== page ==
Calculates the BIC as -2 * log-likelihood + log(n) * npar for a longitudinal model where npar is the number of parameters in the fitted-model and n is the number of subjects
a fitted longitudinal model object
some methods for this generic function may require additional arguments
When applying the BIC in a longitudinal context, there is some debate as to whether the sample size should be taken to mean the number of subjects or the total number of observations across all subjects (see Section 7.3 of Hedeker and Gibbons, 2006).
Assuming the default
BIC function accounts for the latter case, this generic function can be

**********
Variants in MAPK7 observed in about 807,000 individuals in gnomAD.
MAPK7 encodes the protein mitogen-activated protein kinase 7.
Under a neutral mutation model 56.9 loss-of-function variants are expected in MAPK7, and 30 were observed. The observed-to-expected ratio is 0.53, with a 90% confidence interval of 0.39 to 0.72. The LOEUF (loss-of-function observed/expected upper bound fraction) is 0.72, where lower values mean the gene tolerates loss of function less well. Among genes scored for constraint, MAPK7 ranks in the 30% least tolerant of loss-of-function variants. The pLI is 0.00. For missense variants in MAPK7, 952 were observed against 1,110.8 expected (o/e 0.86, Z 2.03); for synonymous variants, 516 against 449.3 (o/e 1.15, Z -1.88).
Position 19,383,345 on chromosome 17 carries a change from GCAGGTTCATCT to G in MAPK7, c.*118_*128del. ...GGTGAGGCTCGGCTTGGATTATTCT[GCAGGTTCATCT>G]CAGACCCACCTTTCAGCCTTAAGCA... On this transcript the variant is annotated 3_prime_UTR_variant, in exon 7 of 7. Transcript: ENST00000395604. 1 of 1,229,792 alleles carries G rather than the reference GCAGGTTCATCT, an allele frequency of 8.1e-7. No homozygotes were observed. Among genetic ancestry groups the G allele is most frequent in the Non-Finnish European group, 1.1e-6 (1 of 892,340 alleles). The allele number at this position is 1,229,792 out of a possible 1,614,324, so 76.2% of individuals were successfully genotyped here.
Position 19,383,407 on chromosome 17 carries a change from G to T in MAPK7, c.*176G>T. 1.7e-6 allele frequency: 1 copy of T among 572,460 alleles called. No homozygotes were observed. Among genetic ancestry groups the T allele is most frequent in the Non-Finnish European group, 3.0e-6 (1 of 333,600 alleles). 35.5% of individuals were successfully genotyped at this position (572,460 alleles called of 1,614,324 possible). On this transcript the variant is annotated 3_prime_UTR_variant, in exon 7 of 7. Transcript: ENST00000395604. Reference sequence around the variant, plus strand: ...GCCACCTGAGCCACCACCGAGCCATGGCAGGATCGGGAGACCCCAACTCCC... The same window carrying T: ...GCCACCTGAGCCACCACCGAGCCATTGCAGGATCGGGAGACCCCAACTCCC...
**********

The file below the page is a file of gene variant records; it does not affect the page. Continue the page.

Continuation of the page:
implemented for longitudinal models where the number of subjects can be extracted in order to
calculate the BIC under the alternative definition.
A numeric value with the BIC of the longitudinal model, with the penalty taken as a function of the number of subjects as described.
Maurice Berk [email protected]
Berk, M. (2012). Smoothing-splines Mixed-effects Models in R. Preprint
Hedeker, D. & Gibbons, D. R. (2006). Longitudinal Data Analysis. Wiley
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